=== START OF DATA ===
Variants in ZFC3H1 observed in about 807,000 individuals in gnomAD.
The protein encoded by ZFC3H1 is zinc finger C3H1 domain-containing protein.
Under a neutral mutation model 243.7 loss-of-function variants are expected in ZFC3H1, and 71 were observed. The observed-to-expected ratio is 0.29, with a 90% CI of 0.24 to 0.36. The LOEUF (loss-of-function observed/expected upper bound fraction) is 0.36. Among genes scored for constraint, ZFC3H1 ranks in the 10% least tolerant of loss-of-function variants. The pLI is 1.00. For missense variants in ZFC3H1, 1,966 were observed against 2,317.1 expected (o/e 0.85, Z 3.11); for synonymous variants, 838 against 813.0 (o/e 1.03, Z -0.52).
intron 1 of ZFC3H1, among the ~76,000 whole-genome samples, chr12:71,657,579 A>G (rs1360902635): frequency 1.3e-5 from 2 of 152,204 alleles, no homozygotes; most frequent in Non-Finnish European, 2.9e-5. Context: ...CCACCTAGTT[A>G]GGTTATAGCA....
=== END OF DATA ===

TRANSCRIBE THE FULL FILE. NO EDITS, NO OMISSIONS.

Variants in ZFC3H1 observed in about 807,000 individuals in gnomAD.
The protein encoded by ZFC3H1 is zinc finger C3H1 domain-containing protein.
Under a neutral mutation model 243.7 loss-of-function variants are expected in ZFC3H1, and 71 were observed. The observed-to-expected ratio is 0.29, with a 90% CI of 0.24 to 0.36. The LOEUF (loss-of-function observed/expected upper bound fraction) is 0.36. Among genes scored for constraint, ZFC3H1 ranks in the 10% least tolerant of loss-of-function variants. The pLI is 1.00. For missense variants in ZFC3H1, 1,966 were observed against 2,317.1 expected (o/e 0.85, Z 3.11); for synonymous variants, 838 against 813.0 (o/e 1.03, Z -0.52).
intron 1 of ZFC3H1, among the ~76,000 whole-genome samples, chr12:71,657,579 A>G (rs1360902635): frequency 1.3e-5 from 2 of 152,204 alleles, no homozygotes; most frequent in Non-Finnish European, 2.9e-5. Context: ...CCACCTAGTT[A>G]GGTTATAGCA....